Purposes of National Parks

Part of Clause 60 – in the House of Commons at 8:30 pm on 28th June 1995.

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Photo of Matthew Taylor Matthew Taylor Liberal Democrat Spokesperson (Environment) 8:30 pm, 28th June 1995

The gap between the two sides of the House is narrower than it appears. For the most part, everyone is struggling to achieve broadly the same ends and the debate is around the best way to do that. On the comments of the hon. Member for Ryedale (Mr. Greenway) about the development of four-wheel drive vehicles, that seems to go to the heart of how I interpret the clause. The proposal is not about addressing the traditions in the countryside and things that have gone on over many years. Those would not change, because to change them would be a reversal, not a promotion of new activity. We understand that the proposal goes to the heart of the promotion of new activities.

There is a constant process—through new technologies, modernisation, mechanisation, the increasing wealth of individuals and their ability to buy four-wheel drive vehicles and the rest of it—of moving into uses of national parks and other parts of the countryside that did not exist before and that, unfortunately, are often noisy. The argument for quiet enjoyment goes to the heart of how we see the future development of the national parks in terms of the competing demands that are on them, and in terms of which competing demands the national parks should seek to promote.

I do not believe that the hon. Gentleman or any other Conservative Member disagrees with that concern or that approach, but the disagreement comes down to how we deal with the amendment. In that respect, hon. Members and the Minister must understand that there is real concern among those who have promoted and supported the phrase "quiet enjoyment" that, until the past couple of days, Ministers seemed to be supporting those words, and accepting the amendments made in the other place, but now, at this late stage, have reversed that position after lobbying from some Back-Bench Conservative Members and others and a number of organisations. It seems that they are backing away more because of the politics than because of practicalities. No doubt we could argue all night about whether that is true, but that is our perception.

I believe that it should not be too hard to define, if not the term "quiet", at least the term "promotion" and what that means in terms of existing activities, and so on, both for the guidance issued by Ministers and the Bill. That is what the Labour amendment has sought to do.

Any rural Member understands the problems that can arise from the actions of those who have been described as the zealots. I understand that. One of the most appalling cases that I have seen in recent years was that of Corky the cockerel, which, extraordinarily, the courts decided against. Surely anybody in the countryside should expect those sort of noises in the early morning. In fact, these days one is more likely to suffer from the noise of large tractors. Nevertheless, that is an example of how matters can be pursued in the courts, and I understand that concern.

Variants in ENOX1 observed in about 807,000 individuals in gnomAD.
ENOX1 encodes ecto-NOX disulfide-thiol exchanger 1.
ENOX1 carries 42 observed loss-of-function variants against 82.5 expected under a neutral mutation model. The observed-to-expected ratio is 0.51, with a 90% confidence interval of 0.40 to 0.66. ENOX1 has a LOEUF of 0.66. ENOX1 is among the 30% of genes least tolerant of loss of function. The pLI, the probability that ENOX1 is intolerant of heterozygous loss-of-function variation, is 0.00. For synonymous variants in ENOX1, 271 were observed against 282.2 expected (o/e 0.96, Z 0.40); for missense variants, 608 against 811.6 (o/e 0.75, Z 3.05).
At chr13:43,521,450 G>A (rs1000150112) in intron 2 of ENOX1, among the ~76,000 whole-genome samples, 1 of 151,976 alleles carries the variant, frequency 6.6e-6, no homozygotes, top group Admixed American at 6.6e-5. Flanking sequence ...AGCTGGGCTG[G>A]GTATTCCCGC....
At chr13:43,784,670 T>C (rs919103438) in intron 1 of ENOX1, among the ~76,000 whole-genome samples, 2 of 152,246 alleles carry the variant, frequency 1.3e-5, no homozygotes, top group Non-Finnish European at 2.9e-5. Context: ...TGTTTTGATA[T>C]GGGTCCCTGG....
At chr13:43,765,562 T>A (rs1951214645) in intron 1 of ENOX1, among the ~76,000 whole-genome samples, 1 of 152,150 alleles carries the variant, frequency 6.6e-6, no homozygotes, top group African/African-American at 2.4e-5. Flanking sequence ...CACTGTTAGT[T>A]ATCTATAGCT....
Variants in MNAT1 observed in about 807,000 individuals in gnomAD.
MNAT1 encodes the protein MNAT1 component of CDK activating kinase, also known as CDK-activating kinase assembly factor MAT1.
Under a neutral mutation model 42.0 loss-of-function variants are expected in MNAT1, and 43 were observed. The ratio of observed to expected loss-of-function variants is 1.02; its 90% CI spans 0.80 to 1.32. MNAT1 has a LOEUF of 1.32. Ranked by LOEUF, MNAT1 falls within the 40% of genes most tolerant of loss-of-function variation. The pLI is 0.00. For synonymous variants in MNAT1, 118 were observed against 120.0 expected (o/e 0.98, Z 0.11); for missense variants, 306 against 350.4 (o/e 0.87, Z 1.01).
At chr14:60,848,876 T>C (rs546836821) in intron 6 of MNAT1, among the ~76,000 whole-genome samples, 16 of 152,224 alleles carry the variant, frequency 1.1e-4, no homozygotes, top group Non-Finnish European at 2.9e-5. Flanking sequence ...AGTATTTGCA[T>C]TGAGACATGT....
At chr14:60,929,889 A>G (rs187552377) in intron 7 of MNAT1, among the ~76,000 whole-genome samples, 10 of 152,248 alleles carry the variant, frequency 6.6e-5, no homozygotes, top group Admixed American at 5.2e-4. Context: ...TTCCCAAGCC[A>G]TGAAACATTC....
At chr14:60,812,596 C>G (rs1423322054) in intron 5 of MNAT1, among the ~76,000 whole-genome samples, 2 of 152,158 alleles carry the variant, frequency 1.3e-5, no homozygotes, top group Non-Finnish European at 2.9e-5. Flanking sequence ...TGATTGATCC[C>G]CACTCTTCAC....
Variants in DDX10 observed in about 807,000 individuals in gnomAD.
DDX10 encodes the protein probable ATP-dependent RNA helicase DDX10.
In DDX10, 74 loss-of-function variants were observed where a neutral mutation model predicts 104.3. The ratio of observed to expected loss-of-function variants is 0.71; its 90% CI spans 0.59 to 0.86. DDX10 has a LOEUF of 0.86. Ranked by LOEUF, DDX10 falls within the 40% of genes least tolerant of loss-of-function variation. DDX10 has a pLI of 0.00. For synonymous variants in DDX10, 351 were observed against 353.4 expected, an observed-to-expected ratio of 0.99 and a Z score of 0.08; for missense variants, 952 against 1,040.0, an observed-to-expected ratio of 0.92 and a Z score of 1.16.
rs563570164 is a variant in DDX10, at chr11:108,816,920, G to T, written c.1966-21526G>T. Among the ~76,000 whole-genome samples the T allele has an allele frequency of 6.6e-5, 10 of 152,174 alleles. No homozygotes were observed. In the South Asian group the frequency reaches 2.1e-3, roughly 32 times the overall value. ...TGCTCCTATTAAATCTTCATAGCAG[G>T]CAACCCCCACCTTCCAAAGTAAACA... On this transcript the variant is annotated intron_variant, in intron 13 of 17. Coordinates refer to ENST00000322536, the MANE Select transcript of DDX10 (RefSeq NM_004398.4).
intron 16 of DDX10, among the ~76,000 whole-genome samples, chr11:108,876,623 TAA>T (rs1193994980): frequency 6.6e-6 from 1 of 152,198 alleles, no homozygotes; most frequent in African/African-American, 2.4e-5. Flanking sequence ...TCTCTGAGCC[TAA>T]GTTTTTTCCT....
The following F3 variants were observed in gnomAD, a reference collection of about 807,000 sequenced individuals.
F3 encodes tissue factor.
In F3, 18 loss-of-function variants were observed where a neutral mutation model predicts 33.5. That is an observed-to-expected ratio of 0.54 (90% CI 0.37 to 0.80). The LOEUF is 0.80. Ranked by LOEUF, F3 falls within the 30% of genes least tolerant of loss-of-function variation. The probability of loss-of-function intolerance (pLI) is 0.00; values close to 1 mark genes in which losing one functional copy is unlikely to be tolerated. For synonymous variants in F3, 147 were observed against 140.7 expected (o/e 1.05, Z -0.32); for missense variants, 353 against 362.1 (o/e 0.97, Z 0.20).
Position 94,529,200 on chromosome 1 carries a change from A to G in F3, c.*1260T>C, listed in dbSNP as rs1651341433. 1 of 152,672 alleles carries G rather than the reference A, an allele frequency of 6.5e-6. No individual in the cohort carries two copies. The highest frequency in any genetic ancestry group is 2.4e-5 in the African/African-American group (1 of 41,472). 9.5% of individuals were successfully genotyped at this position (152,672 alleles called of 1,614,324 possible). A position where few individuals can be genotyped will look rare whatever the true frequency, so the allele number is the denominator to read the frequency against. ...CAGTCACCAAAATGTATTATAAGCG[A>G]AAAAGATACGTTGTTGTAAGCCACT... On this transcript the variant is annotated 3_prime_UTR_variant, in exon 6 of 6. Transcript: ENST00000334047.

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In practice, it is unlikely that there would be many such vexatious cases, and I do not believe that the courts would be sympathetic to that. In any case, Ministers hold matters in their own hands. Through definitions in the Bill and in guidance, they can give courts a clear position on that.

There is a certain irony in the debate. Only yesterday, we were debating the cost-benefit clauses. The Opposition were arguing that that issue was not susceptible to proper definition, but Ministers were arguing that they believed that, in practice, such matters would not be taken to the courts and that, in any case, they could clarify the position in guidance. I disagreed with them last night, but I believe that this issue is susceptible of the sort of guidance and definition for which Ministers argued in yesterday's debate.

The nub of this issue and the reason it raises such concern and attention is that it deals with the future direction of national parks and the choices that have to be made. Ultimately, real decisions are made about the sort of activities that should go on in national parks. Those decisions often involve making a judgment about jobs and economic development for those within the community as well as the nature of the traditional environment and practices within a national park. They also involve making a judgment about destruction of the environment, including noise pollution and the need to respect and respond to the traditions of the community and new developments.

This debate is about showing the broad direction in which we want development to go. From the start, the national parks have been built around the peaceful enjoyment of the traditional qualities of the countryside and respect for the environment. I believe that the words "quiet enjoyment" are about that vision of the future for the national parks. Without arguing that Ministers are oblivious to that, I wish to tell them simply that I believe that they are wrong on this occasion. They failed to argue the case properly, and they should stick with their previous support for the amendment passed in the other place.